As Issenberg explains, Narwhal was not an election-day GOTV program, but an attempt "to link once completely separate repositories of information so that every fact gathered about a voter is available to every arm of the campaign". Why the Romney campaign's Project Orca was conceived as a way to kill and eat the Obama campaign's data-integration effort is a different metaphorical mystery.
For a pre-election discussion of the campaign's differing approaches to software development, see Hamish McKenzie, "In the Red Corner, Zac Moffatt Leads Romney’s Digital Drive to Topple Obama", Pando Daily 9/26/2012:
At the Democratic National Convention in Charlotte, tech people I talked to approvingly described Obama’s digital team as a “startup within a startup.” Rather than outsource the building of various tools to other companies, it has developed everything in-house.
When I put that claim to Moffatt, however, he protests that the opposite is true. The Obama campaign, he asserts, is more like government. “They’ve pulled everything together and determined that they can do everything best,” he says. “We actually function like a startup. We are finding the best minds and best companies, but if something doesn’t work it’s easy for us to iterate and pivot into a new direction.” By relying on in-house tools, you can very quickly get lumped with cumbersome legacy items that becomes costly over time. “For me, it looks much more like central planning than it does anything else.”
Additional Orca post-mortems: Sean Gallagher, "Inside Team Romney's whale of an IT meltdown: Orca, the Romney campaign's 'killer' app, skips beta and pays the price", Ars Technica 11/9/2012; Robert X. Cringely, "Unleashed! Project Orca, the campaign killer whale: Big data fails big time for the Romney camp as its smartphone app crashes spectacularly, right on schedule for Election Day", InfoWorld 11/9/2012; Adi Robertson, "Killer fail: how Romney's broken Orca app cost him thousands of votes", The Verge 11/9/2012; Michael Kranish, "ORCA, Mitt Romney’s high-tech get-out-the-vote program, crashed on Election Day", Boston Globe 11/9/2012; Rosslyn Smith, "Conservatives harpooned by Orca", American Thinker 11/11/2012; Michael Falcone, "Romney Campaign Acknowledges High-Tech Election Day Monitoring System ‘Had Its Challenges’", ABC News 11/10/2012; Maggie Haberman & Alexander Burns, "Mitt Romney’s ORCA program couldn't stay afloat", Politico 11/9/2012.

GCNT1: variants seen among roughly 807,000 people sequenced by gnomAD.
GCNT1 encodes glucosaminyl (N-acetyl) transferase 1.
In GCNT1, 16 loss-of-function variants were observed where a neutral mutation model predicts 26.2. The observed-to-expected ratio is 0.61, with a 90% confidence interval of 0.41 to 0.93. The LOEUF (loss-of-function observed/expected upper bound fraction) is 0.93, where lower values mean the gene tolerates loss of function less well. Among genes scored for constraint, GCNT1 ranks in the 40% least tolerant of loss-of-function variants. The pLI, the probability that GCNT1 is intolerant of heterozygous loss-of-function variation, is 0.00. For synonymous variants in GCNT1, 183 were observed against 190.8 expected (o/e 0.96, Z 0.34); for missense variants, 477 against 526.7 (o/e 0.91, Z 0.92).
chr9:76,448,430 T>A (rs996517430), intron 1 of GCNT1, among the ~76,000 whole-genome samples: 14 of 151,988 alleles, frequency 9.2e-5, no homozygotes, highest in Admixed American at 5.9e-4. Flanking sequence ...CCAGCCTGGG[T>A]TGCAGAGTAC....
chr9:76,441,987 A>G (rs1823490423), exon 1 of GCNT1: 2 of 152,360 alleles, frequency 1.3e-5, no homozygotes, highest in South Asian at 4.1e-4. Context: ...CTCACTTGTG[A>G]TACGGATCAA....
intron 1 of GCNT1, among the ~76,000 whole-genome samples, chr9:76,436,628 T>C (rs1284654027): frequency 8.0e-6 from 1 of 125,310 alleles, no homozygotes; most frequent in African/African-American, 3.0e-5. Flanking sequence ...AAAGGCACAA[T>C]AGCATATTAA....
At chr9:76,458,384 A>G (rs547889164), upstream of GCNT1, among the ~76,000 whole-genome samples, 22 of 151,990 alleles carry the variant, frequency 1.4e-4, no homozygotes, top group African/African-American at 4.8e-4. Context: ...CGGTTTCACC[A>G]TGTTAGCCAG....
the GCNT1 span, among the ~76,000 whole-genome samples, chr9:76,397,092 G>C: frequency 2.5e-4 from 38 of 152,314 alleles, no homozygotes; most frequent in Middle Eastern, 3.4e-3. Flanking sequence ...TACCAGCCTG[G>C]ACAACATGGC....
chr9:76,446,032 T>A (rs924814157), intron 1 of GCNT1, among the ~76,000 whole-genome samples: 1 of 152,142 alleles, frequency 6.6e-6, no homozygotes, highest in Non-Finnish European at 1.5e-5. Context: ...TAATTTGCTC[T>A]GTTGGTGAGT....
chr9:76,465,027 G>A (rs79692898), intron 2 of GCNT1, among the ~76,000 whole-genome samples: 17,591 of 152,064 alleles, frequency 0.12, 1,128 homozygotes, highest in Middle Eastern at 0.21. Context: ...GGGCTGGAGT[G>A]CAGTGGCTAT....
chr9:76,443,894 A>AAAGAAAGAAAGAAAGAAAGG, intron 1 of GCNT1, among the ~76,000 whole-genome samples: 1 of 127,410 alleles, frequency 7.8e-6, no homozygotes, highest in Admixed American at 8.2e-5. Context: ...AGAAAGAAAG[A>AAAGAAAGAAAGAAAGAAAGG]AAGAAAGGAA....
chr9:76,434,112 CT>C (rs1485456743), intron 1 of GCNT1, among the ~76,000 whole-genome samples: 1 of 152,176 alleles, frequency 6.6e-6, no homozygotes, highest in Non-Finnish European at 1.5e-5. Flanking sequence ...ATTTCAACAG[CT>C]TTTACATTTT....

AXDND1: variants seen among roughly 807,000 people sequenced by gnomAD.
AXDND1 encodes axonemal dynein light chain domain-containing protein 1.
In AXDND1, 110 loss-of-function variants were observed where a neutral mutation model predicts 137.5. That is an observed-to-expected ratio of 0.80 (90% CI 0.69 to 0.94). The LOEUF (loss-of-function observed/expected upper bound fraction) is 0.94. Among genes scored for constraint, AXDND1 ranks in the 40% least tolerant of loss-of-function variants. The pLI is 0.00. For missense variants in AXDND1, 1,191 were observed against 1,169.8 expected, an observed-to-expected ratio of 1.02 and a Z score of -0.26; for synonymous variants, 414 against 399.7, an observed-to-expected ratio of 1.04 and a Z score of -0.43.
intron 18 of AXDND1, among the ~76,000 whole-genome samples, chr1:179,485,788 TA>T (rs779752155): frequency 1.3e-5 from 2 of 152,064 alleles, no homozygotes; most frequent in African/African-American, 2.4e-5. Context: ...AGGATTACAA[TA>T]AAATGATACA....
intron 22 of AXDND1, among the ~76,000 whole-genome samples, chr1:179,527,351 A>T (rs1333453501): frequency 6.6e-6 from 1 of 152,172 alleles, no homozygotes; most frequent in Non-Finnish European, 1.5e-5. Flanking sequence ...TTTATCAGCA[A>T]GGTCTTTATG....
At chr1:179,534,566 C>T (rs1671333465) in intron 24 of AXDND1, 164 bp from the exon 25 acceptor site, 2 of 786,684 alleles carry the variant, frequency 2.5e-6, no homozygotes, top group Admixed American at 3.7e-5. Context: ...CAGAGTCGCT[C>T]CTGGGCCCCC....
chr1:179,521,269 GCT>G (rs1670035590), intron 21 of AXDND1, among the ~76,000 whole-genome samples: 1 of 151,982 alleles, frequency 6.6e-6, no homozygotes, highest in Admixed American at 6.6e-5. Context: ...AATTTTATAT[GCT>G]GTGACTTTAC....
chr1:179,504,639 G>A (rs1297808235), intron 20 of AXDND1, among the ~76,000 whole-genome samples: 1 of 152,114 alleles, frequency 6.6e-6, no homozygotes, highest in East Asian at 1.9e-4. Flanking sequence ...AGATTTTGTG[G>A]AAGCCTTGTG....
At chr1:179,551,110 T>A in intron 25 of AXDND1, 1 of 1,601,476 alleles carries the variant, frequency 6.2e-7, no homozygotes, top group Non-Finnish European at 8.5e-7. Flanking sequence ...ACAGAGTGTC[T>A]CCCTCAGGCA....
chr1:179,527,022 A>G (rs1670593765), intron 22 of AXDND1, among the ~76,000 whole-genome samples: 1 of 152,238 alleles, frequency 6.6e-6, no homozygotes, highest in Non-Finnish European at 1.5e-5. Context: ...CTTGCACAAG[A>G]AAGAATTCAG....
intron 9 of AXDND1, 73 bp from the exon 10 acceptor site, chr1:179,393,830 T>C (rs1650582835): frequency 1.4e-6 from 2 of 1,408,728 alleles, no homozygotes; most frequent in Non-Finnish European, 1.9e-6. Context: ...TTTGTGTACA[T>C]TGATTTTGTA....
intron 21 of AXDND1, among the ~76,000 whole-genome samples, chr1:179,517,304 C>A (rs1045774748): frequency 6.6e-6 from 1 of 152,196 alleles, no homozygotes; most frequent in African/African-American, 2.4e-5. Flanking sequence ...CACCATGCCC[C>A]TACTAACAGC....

Catherine Ann Fitzpatrick tried to figure out who got the Orca development contract ("Was Al Gore's Dev In Charge of Romney's Aps?", and follows the digital breadcrumbs to what she thinks is the answer:
Ekdahl didn't say — but I found it. The organization is called Targeted Victory, and they have Romney logos flashing on their site now.
Look at Our Team -- typical bloated over-staffed organization top heavy with marketers and underpaid drones — and then see how many devs there are.
Just two. Apparently under the direction — in between them and Moffat — of a senior project manager whose credentials include working for United Nations Women, The Getty Institute, UNESCO, Ecuadorian Ministry of Tourism and the Quito Tourism Bureau.
So…All of this complicated, national, critical system rested on the slender shoulders of two dudes 20-something or 30-something at best — with maybe their project manager also bringing them the pizza and yelling at them?
I was afraid to click, because I knew what I would find.
Sure enough, what I found were two guys who looked like very likely Obama voters.
Commenters on the Ars Technica article quote unsourced rumors that development was outsourced to India via Accenture. I'm skeptical of both theories, and look forward to learning who really did the project.